Vincennes

/vin senz"/; for 2 also Fr. /vaonn sen"/, n.
1. a city in SW Indiana, on the Wabash: the first permanent settlement in Indiana, 1702. 20,857.
2. a city in N France, near Paris. 44,467.

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France
      town, eastern residential suburb of Paris, Val-de-Marne département, Île-de-France région, north-central France, immediately outside the Paris city limits.

      The château of Vincennes, which succeeded an earlier fortified hunting lodge on the site, consists of four principal buildings—the keep, the chapel, and two pavilions—enclosed by an enceinte with nine towers. The magnificent and well-preserved keep, the finest surviving in France, 170 feet (52 metres) in height, was begun under Philip VI, completed under Charles V (reigned 1364–80), and used thereafter as a royal residence until Versailles was built. The chapel, not completed until 1552 but in Gothic style, has a Flamboyant facade and a great rose window. The two pavilions—the Pavillon du Roi and the Pavillon de la Reine—were built by Louis Le Vau, under the direction of Cardinal Jules Mazarin, during the third quarter of the 17th century.

      After the court deserted the château, it had a checkered history, being used as a porcelain factory, a cadet school, and a small-arms factory. In 1791, during the French Revolution, the Marquis de Lafayette saved it from destruction. Napoleon converted it into an arsenal, and in 1840 it was turned into a fortress. The army was removed in 1930 and restoration started, to be interrupted during World War II when the Germans had a supply depot there; in 1944 part of the Pavillon de la Reine was destroyed by an explosion.

      The château has many associations with French history. Four kings of France died there—Louis X, Philip V, Charles IV, and Charles IX—as did Henry V of England and Mazarin. During the reign of Louis XIII it was used as a state prison, and its prisoners included Louis II de Bourbon, the Cardinal de Retz, Denis Diderot, and the Comte de Mirabeau; the Duc d'Enghien was shot there in 1804.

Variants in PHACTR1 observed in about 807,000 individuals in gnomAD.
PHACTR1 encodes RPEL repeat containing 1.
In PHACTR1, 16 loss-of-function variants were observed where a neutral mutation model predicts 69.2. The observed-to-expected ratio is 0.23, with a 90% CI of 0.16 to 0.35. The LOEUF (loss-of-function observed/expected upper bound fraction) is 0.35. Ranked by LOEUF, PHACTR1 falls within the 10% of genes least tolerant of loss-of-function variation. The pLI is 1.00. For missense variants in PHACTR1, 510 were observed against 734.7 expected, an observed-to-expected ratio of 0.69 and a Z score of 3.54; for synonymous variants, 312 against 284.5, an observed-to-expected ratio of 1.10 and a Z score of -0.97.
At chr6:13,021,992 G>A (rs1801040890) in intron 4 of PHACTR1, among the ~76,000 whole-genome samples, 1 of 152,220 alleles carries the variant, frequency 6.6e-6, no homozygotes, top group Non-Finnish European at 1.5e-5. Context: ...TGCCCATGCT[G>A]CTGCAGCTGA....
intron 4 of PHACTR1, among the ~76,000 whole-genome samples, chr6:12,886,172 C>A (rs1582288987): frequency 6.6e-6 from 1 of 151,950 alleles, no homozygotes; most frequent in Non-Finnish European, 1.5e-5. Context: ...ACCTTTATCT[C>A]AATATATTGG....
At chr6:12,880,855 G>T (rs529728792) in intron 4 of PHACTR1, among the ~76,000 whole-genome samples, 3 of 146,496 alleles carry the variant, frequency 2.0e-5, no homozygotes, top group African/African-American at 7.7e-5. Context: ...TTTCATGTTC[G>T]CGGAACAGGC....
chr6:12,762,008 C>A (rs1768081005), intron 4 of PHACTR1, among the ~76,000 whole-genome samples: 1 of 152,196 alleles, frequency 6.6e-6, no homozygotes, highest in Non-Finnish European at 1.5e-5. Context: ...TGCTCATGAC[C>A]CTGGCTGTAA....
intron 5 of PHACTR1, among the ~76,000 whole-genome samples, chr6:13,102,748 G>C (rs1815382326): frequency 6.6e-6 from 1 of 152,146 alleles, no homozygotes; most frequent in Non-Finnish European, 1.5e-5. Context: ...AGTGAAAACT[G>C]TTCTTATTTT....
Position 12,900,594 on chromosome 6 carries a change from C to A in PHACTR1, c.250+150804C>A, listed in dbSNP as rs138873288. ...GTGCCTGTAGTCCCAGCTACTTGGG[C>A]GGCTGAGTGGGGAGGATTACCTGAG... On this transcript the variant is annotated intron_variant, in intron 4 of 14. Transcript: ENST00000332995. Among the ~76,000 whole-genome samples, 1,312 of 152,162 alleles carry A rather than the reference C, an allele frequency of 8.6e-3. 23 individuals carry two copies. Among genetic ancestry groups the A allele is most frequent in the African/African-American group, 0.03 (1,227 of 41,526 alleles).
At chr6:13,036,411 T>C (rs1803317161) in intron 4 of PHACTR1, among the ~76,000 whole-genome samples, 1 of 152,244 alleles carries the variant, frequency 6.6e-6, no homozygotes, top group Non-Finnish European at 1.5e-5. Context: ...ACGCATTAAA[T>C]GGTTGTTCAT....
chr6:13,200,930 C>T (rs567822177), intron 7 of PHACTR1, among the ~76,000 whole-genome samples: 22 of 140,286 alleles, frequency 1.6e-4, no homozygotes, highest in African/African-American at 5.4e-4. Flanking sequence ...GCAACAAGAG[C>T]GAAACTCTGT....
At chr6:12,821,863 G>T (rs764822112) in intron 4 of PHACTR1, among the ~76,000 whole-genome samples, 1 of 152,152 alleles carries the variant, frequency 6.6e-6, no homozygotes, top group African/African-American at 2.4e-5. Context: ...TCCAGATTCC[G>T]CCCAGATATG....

The Bois de Vincennes was enclosed in the 12th century and, as a royal hunting preserve, was the reason for the château's being built there. The surviving forest is a park, with a zoo, a racecourse, and a sports stadium. Chemicals, housewares, telecommunications and transport equipment, and cosmetics are produced in Vincennes. The town is connected to Paris by a rapid transit rail network. Pop. (1999) 43,595; (2005 est.) 47,200.

 city, seat (1790) of Knox county, southwestern Indiana, U.S., on the Wabash River, 51 miles (82 km) north of Evansville. Indiana's oldest city, Vincennes figured prominently in early American history from the time of its settlement (1702, or possibly earlier) by French traders on the site of an Indian village. A fort, one of a chain from Quebec to New Orleans, was erected by the French in 1732, and in 1736 the settlement around it was named for François-Marie Bissot, sieur de Vincennes, its commanding officer. Ceded to the British at the end of the French and Indian War (1763), the settlement was virtually self-governing until the outbreak of the American Revolutionary War and remained predominantly French in population and tradition for almost 100 years after that. A British force occupied the fort (renaming it Fort Sackville) for a brief period, but briefly in 1778 and finally in 1779 it was taken by American forces under George Rogers Clark. Clark's victory at Vincennes, followed by the passage of the Northwest Ordinance (1787), brought an influx of settlers from Kentucky, Virginia, and Pennsylvania. From 1800 to 1813 Vincennes was the capital of Indiana Territory (commemorated by a state historic site). The Indiana Gazette, the first territorial newspaper, was published there in 1804 by Elihu Stout. At Vincennes, Governor (later President) William Henry Harrison negotiated several treaties with the Native Americans and launched the campaign that culminated in the Battle of Tippecanoe (November 1811). George Rogers Clark National Historical Park (1936, on the former site of the fort), Grouseland (1802–04; the Harrison mansion), and Vincennes University, a junior college founded in 1806, are among the many historic sites in the city. The Basilica of St. Francis Xavier (Old Cathedral), begun in 1826, is still in use. Fort Knox II, from which Harrison and his troops began the military excursion that ended at the Battle of Tippecanoe, is 3 miles (5 km) north of the city.